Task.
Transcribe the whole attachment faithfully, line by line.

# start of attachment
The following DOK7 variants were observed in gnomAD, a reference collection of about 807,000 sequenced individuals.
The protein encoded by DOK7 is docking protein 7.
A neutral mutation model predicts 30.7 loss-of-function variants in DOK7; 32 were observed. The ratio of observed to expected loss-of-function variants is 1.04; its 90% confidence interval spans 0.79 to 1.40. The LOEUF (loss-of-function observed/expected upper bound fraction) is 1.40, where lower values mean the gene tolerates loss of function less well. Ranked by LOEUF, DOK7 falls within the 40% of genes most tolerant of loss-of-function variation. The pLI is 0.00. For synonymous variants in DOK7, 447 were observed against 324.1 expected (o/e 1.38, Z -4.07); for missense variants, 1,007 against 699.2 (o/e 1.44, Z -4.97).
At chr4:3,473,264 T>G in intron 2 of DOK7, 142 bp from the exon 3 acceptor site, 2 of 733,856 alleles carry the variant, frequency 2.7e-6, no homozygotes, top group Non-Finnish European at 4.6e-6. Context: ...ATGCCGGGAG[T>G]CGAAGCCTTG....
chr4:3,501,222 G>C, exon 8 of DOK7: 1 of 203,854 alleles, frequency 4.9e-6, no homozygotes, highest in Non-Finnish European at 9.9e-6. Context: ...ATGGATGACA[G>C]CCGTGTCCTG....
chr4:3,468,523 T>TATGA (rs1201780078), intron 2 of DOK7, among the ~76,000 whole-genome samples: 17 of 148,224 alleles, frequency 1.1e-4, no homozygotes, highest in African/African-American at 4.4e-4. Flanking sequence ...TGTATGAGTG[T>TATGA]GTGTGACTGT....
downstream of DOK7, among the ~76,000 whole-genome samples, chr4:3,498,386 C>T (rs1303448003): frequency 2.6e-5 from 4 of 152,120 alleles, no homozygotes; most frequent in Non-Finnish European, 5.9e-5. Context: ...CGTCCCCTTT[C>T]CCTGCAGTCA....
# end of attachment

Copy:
The following DOK7 variants were observed in gnomAD, a reference collection of about 807,000 sequenced individuals.
The protein encoded by DOK7 is docking protein 7.
A neutral mutation model predicts 30.7 loss-of-function variants in DOK7; 32 were observed. The ratio of observed to expected loss-of-function variants is 1.04; its 90% confidence interval spans 0.79 to 1.40. The LOEUF (loss-of-function observed/expected upper bound fraction) is 1.40, where lower values mean the gene tolerates loss of function less well. Ranked by LOEUF, DOK7 falls within the 40% of genes most tolerant of loss-of-function variation. The pLI is 0.00. For synonymous variants in DOK7, 447 were observed against 324.1 expected (o/e 1.38, Z -4.07); for missense variants, 1,007 against 699.2 (o/e 1.44, Z -4.97).
At chr4:3,473,264 T>G in intron 2 of DOK7, 142 bp from the exon 3 acceptor site, 2 of 733,856 alleles carry the variant, frequency 2.7e-6, no homozygotes, top group Non-Finnish European at 4.6e-6. Context: ...ATGCCGGGAG[T>G]CGAAGCCTTG....
chr4:3,501,222 G>C, exon 8 of DOK7: 1 of 203,854 alleles, frequency 4.9e-6, no homozygotes, highest in Non-Finnish European at 9.9e-6. Context: ...ATGGATGACA[G>C]CCGTGTCCTG....
chr4:3,468,523 T>TATGA (rs1201780078), intron 2 of DOK7, among the ~76,000 whole-genome samples: 17 of 148,224 alleles, frequency 1.1e-4, no homozygotes, highest in African/African-American at 4.4e-4. Flanking sequence ...TGTATGAGTG[T>TATGA]GTGTGACTGT....
downstream of DOK7, among the ~76,000 whole-genome samples, chr4:3,498,386 C>T (rs1303448003): frequency 2.6e-5 from 4 of 152,120 alleles, no homozygotes; most frequent in Non-Finnish European, 5.9e-5. Context: ...CGTCCCCTTT[C>T]CCTGCAGTCA....